The Machinist (2004) Poster



A bumper sticker on the front bumper of Trevor's truck has the words, "I'd rather be fishing" in the scene where Trevor is hit by a car outside of the DMV.
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The producers of the film claim that Christian Bale dropped from about 173 pounds in weight down to about 110 pounds in weight to make this film. They also claim that Bale actually wanted to drop down to 100 pounds, but that they would not let him go below 120 out of fear that his health could be in too much danger if he did. His diet consisted of one can of tuna and an apple per day. His 63-pound weight loss is said to be a record for any actor for a movie role. He regained the weight in time for his role in Batman Begins (2005).
Christian Bale found that his weakened condition caused problems in the more demanding action scenes. He found running a particular problem as he simply had no leg muscles left.
Brad Anderson had not asked Christian Bale to lose such a vast amount of weight and was genuinely shocked when he saw Bale's appearance on the first day of shooting. He also confessed to being thrilled by the actor's dedication.
Christian Bale took up smoking to help him curb his appetite when he was crash-dieting.
Oddly enough, Christian Bale claimed that he actually enjoyed losing so much weight, oftentimes finding himself in a euphoric state due to the extreme condition he subjected himself to. As well he was able to deal with the very hot July and August temperatures in Barcelona much better than the rest of the crew.
When Trevor is driving Marie and Nicholas back home, if you look closely through the driver's side window when Trevor stops, you can see two people sitting in the background. According to Brad Anderson, they were junkies who were actually shooting up heroin during the filming of the scene.
In one scene Trevor falls asleep while reading Fyodor Dostoevsky's 'The Idiot'. Two of the characters in that book are Marie and Nicholas.
Because the film was shot almost entirely on location in Barcelona, Spain, the production designers had to painstakingly re-create the look and feel of Los Angeles with many "everyday Americana" items in both interior AND exterior shoots. This included cigarettes, alcohol, street signs, traffic signals, public telephones, retail signage, automobiles, license plates, and also shooting in what writer Scott Kosar called "some of the worst areas of Barcelona".
Brad Anderson and his screenwriter Scott Kosar were turned down by virtually every American studio and producer they approached on the grounds that the screenplay was "too weird".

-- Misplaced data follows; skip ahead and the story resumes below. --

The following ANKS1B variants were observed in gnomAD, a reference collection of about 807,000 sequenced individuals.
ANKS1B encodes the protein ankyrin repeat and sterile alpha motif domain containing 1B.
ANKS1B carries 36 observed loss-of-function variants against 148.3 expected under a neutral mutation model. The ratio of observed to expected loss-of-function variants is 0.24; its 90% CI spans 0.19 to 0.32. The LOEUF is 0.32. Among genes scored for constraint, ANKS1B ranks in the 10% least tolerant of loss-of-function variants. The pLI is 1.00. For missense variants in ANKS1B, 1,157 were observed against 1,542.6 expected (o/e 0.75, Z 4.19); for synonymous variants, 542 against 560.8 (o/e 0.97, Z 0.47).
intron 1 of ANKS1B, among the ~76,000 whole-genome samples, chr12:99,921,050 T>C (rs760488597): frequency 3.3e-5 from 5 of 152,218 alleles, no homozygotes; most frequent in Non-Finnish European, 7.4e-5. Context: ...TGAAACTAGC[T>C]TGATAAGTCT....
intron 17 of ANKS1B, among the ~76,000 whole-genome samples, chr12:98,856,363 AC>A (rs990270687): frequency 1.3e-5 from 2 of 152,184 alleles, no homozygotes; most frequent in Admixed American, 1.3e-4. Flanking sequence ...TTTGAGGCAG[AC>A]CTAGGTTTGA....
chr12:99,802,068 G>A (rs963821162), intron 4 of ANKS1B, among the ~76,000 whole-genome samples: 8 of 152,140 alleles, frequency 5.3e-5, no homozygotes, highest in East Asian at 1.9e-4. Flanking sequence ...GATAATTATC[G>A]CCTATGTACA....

Writer Scott Kosar loves 'Nine Inch Nails', and the movie's protagonist Trevor Reznik is named for NIN frontman Trent Reznor. Kossar's original script had a quote from their lyrics on the first page. He wanted a NIN soundtrack for the film, but Brad Anderson vetoed this.
Scott Kosar wrote this screenplay on spec straight out of film school. He then touted it round all the usual Hollywood studios for several years. The writing was well thought of, but the overwhelming dark mood was not, and financing could not be secured in America.
Writer Scott Kroopf refers to the script as "the last movie that Alfred Hitchcock would have ever made".
Although the film has a Hitchcockian feel to it, the decision to make it like that was only really consciously taken in the editing suite when they started adding some musical cues. The idea was to give the film a Bernard Herrmann like score, Herrmann being one of Alfred Hitchcock's main composers.
There were very few CGI effects in the film. The first café scene had a CGI inserted plane taking off in the background.
The Spanish producers wanted to use local Spanish talent in minor roles and then dub them into English. Brad Anderson resisted this suggestion as they thought the dubbing may not go over well, and insisted on casting local expatriate American and British actors instead who could speak with an American accent.
The first film Brad Anderson has made that's not based on one of his own screenplays.
Roque Baños' score is a deliberate homage to the work of Bernard Herrmann, Alfred Hitchcock's favorite composer. There is also a nod to Miklós Rózsa in the use of the theremin which Rozsa employed to Oscar-winning effect for his score to Hitchcock's Spellbound (1945) in 1945.
Brad Anderson shot most of the film either on crutches (he had torn his Achilles tendon) or from a gurney (his back gave out on him).
Brad Anderson wanted his film to have the same kind of visual expressionistic feel as The Cabinet of Dr. Caligari (1920), Nosferatu (1922), Vampyr (1932) and I Walked with a Zombie (1943).
When Trevor drives off into the countryside, it's filmed in the Principality of Andorra, a landlocked independent country between Spain and France.
Trevor's landlady is named Mrs. Shrike. This is a reference to Nathanael West's novella "Miss Lonelyhearts" in which the main character suffers a spiritual dilemma and is antagonized demoniacally by Shrike, his editor.